Historic Filibuster Ends; Path Cleared for 1964 Civil Rights Act
The civil rights bill before Congress in the spring of 1964 was almost certain to pass, but southern segregationists resorted to their only remaining weapon, a filibuster, to in their minds block its passage. The filibuster that began on March 30, 1964 paralyzed the Senate for 57 working days. On this day, a coalition of liberal Republicans and Democrats from outside the South voted for a cloture motion shutting off debate and ending the filibuster. Cloture required 67 votes, but the actual vote was 71–29. The civil rights bill quickly passed both houses of Congress and President Lyndon Johnson signed the historic 1964 Civil Rights Act on July 2, 1964.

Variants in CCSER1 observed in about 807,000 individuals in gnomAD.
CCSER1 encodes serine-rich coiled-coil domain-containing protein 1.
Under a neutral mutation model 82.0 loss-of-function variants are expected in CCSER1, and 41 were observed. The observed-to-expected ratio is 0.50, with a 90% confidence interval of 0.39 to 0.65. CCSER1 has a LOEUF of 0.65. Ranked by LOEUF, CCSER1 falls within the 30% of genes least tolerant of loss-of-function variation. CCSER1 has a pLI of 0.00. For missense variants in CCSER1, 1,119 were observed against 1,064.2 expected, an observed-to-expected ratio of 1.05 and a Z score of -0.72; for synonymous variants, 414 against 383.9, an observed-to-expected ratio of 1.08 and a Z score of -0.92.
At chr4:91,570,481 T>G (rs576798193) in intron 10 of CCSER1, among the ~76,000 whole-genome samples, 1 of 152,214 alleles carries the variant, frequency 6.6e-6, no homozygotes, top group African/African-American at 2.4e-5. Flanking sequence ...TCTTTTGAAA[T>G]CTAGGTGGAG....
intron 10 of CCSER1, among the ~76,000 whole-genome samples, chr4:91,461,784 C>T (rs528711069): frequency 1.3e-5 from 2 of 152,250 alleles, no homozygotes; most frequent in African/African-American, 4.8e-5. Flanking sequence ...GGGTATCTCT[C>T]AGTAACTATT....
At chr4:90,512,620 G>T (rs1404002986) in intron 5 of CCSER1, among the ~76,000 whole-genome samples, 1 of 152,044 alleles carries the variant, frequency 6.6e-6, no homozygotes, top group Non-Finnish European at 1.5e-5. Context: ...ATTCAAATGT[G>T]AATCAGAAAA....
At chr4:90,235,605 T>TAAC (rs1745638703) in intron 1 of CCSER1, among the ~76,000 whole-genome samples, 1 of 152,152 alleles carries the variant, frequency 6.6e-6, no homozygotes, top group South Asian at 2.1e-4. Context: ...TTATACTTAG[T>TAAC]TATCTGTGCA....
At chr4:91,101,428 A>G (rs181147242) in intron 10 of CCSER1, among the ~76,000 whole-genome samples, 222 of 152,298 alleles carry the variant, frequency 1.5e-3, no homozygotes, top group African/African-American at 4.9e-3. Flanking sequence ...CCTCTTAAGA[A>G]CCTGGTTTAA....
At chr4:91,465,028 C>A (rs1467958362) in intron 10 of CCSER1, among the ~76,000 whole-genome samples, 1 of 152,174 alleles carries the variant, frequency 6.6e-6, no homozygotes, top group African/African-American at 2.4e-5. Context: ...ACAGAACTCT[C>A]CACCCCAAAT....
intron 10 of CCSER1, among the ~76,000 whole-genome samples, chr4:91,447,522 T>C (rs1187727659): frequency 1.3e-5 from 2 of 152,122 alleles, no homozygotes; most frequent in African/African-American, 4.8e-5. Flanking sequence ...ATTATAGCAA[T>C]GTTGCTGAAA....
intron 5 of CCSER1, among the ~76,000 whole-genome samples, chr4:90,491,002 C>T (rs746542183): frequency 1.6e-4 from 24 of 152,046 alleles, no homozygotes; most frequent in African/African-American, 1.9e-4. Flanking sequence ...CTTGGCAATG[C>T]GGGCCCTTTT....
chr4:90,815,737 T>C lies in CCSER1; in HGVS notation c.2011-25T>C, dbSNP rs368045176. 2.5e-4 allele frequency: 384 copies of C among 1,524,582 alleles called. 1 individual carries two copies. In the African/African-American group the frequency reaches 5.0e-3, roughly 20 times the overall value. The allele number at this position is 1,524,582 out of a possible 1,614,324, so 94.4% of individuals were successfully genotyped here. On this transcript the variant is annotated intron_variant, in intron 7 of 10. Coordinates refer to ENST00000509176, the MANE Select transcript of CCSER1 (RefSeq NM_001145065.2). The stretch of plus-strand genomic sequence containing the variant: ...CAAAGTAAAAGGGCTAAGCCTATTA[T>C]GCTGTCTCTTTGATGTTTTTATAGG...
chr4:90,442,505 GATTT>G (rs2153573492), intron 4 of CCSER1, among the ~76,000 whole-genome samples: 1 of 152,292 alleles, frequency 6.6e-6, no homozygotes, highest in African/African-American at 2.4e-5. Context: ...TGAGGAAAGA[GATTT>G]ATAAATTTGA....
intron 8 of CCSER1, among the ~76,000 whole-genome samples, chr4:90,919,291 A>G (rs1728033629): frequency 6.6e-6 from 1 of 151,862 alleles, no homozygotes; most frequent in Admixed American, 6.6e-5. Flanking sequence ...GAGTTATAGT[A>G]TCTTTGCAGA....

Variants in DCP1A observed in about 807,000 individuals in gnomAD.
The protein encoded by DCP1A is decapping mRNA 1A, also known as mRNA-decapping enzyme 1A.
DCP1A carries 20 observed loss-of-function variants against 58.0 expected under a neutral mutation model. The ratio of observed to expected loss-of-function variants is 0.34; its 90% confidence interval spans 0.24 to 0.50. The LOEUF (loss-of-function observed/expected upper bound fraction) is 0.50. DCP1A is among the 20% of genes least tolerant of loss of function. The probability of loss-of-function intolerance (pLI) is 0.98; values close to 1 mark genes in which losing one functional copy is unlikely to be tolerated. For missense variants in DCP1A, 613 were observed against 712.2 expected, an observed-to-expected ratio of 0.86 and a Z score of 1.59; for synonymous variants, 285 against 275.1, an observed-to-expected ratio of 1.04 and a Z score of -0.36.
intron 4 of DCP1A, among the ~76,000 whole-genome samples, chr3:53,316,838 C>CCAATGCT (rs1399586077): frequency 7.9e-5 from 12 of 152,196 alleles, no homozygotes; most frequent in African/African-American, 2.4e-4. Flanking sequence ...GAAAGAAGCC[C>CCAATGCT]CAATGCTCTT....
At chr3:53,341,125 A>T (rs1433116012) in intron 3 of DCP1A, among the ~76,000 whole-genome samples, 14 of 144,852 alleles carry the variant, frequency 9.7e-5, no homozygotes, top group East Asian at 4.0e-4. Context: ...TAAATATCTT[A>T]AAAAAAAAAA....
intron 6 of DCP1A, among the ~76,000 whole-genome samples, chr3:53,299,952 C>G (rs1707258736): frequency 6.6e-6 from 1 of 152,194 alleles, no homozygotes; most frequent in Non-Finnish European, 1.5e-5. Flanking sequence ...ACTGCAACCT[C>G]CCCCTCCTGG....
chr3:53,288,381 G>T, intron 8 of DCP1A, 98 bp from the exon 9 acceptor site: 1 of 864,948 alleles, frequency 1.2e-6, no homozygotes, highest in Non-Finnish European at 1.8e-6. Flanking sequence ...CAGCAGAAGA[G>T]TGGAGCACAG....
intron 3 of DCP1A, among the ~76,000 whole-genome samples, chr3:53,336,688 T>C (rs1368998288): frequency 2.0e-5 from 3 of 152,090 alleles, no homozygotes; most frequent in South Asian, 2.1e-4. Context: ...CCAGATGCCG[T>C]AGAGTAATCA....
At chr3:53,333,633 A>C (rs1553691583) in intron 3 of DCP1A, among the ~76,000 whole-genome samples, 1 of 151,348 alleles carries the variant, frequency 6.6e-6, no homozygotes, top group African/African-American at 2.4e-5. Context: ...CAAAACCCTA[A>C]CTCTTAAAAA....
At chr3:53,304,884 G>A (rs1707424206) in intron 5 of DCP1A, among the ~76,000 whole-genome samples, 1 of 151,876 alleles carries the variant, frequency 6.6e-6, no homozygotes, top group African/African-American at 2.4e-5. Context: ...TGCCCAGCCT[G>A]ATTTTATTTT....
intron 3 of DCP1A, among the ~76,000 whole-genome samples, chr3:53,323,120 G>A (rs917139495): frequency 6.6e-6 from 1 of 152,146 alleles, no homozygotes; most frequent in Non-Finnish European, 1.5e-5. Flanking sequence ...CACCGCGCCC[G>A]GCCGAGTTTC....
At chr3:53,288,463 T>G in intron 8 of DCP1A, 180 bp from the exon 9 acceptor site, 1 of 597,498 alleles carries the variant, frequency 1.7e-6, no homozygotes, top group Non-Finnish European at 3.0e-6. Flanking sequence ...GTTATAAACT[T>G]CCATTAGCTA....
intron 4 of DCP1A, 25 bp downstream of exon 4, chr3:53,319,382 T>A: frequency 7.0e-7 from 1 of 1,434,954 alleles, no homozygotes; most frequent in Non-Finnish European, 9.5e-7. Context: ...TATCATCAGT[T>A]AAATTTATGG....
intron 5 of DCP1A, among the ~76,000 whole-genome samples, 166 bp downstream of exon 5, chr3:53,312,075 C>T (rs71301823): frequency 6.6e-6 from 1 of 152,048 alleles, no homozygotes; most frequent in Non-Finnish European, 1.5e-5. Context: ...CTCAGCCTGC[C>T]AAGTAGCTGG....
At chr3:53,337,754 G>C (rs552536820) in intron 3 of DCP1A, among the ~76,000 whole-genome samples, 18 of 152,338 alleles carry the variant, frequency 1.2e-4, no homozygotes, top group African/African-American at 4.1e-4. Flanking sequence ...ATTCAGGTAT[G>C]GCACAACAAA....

HISTORICAL NOTE ON FILIBUSTERS: In the 1960s, senators had to actually speak continuously to maintain a filibuster. In recent years, as a result of Senate rules changes, senators only have to say they are going to filibuster and a bill is blocked from consideration.
Read: Todd Purdom, An Idea Whose Time Has Come: Two Presidents, Two Parties, and the Battle for the Civil Rights Act of 1964 (2014)
Read about President Lyndon Johnson and the 1964 Civil Rights bill: Robert Caro, The Passage of Power: The Years of Lyndon Johnson (2012)
Learn about the history of the filibuster: http://www.brookings.edu/research/testimony/2010/04/22-filibuster-binder
Learn more about the Senate and the filibuster: Sarah A. Binder and Steven S. Smith, Politics or Principle?: Filibustering in the United States Senate (1997)